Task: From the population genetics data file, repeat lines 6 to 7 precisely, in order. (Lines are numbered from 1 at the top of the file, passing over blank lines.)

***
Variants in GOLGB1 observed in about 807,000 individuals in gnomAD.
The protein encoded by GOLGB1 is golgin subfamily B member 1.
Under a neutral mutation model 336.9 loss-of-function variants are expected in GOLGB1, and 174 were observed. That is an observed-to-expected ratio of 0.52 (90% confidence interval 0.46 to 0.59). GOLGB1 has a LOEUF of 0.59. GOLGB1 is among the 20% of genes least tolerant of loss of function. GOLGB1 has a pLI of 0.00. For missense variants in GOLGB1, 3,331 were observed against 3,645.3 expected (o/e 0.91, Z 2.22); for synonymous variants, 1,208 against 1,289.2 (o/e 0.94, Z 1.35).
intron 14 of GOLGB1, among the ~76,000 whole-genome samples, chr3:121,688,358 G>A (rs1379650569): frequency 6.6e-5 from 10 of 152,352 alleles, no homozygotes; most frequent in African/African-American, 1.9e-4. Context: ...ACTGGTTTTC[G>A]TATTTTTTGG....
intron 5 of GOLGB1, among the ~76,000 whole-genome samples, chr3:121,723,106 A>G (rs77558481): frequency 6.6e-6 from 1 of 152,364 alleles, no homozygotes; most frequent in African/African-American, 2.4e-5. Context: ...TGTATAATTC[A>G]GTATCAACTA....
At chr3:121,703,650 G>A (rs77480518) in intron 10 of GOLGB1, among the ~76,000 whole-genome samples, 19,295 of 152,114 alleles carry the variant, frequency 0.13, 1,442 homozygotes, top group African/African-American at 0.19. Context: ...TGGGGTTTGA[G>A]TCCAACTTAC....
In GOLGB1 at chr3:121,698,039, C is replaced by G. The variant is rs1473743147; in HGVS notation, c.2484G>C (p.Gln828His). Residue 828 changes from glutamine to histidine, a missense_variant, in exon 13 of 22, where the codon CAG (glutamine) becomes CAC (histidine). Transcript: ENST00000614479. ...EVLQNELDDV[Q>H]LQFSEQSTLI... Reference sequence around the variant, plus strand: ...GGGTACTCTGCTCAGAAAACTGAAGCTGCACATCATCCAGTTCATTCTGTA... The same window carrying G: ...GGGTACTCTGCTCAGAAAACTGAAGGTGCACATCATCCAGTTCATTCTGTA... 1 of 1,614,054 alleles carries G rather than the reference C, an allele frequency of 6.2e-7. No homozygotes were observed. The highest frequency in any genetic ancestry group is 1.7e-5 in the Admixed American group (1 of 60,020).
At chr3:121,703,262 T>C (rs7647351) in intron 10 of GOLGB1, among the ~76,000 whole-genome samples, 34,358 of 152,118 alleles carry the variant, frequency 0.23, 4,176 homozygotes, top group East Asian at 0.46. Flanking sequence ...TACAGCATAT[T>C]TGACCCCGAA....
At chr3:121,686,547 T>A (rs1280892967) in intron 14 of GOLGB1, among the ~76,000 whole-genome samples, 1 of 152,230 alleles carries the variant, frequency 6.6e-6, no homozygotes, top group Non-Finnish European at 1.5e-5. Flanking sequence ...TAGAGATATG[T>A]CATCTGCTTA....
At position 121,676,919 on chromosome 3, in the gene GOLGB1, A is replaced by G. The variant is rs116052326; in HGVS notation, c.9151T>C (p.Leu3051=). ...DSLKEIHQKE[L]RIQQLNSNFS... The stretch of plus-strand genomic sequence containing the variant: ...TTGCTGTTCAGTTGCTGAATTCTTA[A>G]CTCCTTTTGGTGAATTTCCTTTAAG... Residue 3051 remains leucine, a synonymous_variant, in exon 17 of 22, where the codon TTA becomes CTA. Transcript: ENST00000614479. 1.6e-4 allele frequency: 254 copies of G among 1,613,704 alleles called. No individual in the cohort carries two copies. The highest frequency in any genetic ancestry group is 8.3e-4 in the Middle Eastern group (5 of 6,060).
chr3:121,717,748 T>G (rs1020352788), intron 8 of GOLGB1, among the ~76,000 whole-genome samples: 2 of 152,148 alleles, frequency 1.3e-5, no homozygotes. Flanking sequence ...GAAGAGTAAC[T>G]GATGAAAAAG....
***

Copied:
At chr3:121,703,650 G>A (rs77480518) in intron 10 of GOLGB1, among the ~76,000 whole-genome samples, 19,295 of 152,114 alleles carry the variant, frequency 0.13, 1,442 homozygotes, top group African/African-American at 0.19. Context: ...TGGGGTTTGA[G>A]TCCAACTTAC....
In GOLGB1 at chr3:121,698,039, C is replaced by G. The variant is rs1473743147; in HGVS notation, c.2484G>C (p.Gln828His). Residue 828 changes from glutamine to histidine, a missense_variant, in exon 13 of 22, where the codon CAG (glutamine) becomes CAC (histidine). Transcript: ENST00000614479. ...EVLQNELDDV[Q>H]LQFSEQSTLI... Reference sequence around the variant, plus strand: ...GGGTACTCTGCTCAGAAAACTGAAGCTGCACATCATCCAGTTCATTCTGTA... The same window carrying G: ...GGGTACTCTGCTCAGAAAACTGAAGGTGCACATCATCCAGTTCATTCTGTA... 1 of 1,614,054 alleles carries G rather than the reference C, an allele frequency of 6.2e-7. No homozygotes were observed. The highest frequency in any genetic ancestry group is 1.7e-5 in the Admixed American group (1 of 60,020).